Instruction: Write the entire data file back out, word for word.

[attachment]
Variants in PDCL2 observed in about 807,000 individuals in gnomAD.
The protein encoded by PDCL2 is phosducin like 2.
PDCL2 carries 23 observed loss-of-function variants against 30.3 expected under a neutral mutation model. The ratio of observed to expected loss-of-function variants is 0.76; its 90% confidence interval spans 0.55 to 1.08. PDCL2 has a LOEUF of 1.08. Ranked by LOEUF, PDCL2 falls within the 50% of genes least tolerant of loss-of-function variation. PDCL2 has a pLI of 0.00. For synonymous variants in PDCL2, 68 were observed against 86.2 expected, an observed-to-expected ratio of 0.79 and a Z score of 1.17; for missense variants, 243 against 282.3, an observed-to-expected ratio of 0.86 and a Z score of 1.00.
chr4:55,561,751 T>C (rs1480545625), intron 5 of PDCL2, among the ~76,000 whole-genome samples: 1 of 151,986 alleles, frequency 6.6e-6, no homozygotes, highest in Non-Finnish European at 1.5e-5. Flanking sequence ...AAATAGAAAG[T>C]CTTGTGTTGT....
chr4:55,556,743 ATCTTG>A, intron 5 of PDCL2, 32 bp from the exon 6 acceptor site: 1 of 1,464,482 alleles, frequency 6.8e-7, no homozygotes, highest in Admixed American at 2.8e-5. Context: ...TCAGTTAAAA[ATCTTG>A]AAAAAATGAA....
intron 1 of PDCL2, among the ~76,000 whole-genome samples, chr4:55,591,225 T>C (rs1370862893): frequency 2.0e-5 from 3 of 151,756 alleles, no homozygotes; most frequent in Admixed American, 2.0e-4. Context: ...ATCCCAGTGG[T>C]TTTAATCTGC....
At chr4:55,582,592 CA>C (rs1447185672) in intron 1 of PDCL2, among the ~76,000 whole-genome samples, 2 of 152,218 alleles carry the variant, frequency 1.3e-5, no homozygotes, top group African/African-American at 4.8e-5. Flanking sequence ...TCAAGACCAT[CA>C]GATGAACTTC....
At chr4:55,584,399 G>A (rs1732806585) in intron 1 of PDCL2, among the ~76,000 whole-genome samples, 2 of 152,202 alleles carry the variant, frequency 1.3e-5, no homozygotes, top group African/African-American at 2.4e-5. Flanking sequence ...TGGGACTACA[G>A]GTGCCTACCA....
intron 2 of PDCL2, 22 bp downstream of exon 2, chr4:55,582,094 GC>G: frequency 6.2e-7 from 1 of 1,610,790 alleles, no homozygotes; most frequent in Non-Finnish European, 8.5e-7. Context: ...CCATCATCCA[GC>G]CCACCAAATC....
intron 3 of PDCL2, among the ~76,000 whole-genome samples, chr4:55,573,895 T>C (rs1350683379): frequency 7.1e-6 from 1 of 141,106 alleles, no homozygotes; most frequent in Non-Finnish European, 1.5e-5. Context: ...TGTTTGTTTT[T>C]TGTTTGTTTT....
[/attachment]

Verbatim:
Variants in PDCL2 observed in about 807,000 individuals in gnomAD.
The protein encoded by PDCL2 is phosducin like 2.
PDCL2 carries 23 observed loss-of-function variants against 30.3 expected under a neutral mutation model. The ratio of observed to expected loss-of-function variants is 0.76; its 90% confidence interval spans 0.55 to 1.08. PDCL2 has a LOEUF of 1.08. Ranked by LOEUF, PDCL2 falls within the 50% of genes least tolerant of loss-of-function variation. PDCL2 has a pLI of 0.00. For synonymous variants in PDCL2, 68 were observed against 86.2 expected, an observed-to-expected ratio of 0.79 and a Z score of 1.17; for missense variants, 243 against 282.3, an observed-to-expected ratio of 0.86 and a Z score of 1.00.
chr4:55,561,751 T>C (rs1480545625), intron 5 of PDCL2, among the ~76,000 whole-genome samples: 1 of 151,986 alleles, frequency 6.6e-6, no homozygotes, highest in Non-Finnish European at 1.5e-5. Flanking sequence ...AAATAGAAAG[T>C]CTTGTGTTGT....
chr4:55,556,743 ATCTTG>A, intron 5 of PDCL2, 32 bp from the exon 6 acceptor site: 1 of 1,464,482 alleles, frequency 6.8e-7, no homozygotes, highest in Admixed American at 2.8e-5. Context: ...TCAGTTAAAA[ATCTTG>A]AAAAAATGAA....
intron 1 of PDCL2, among the ~76,000 whole-genome samples, chr4:55,591,225 T>C (rs1370862893): frequency 2.0e-5 from 3 of 151,756 alleles, no homozygotes; most frequent in Admixed American, 2.0e-4. Context: ...ATCCCAGTGG[T>C]TTTAATCTGC....
At chr4:55,582,592 CA>C (rs1447185672) in intron 1 of PDCL2, among the ~76,000 whole-genome samples, 2 of 152,218 alleles carry the variant, frequency 1.3e-5, no homozygotes, top group African/African-American at 4.8e-5. Flanking sequence ...TCAAGACCAT[CA>C]GATGAACTTC....
At chr4:55,584,399 G>A (rs1732806585) in intron 1 of PDCL2, among the ~76,000 whole-genome samples, 2 of 152,202 alleles carry the variant, frequency 1.3e-5, no homozygotes, top group African/African-American at 2.4e-5. Flanking sequence ...TGGGACTACA[G>A]GTGCCTACCA....
intron 2 of PDCL2, 22 bp downstream of exon 2, chr4:55,582,094 GC>G: frequency 6.2e-7 from 1 of 1,610,790 alleles, no homozygotes; most frequent in Non-Finnish European, 8.5e-7. Context: ...CCATCATCCA[GC>G]CCACCAAATC....
intron 3 of PDCL2, among the ~76,000 whole-genome samples, chr4:55,573,895 T>C (rs1350683379): frequency 7.1e-6 from 1 of 141,106 alleles, no homozygotes; most frequent in Non-Finnish European, 1.5e-5. Context: ...TGTTTGTTTT[T>C]TGTTTGTTTT....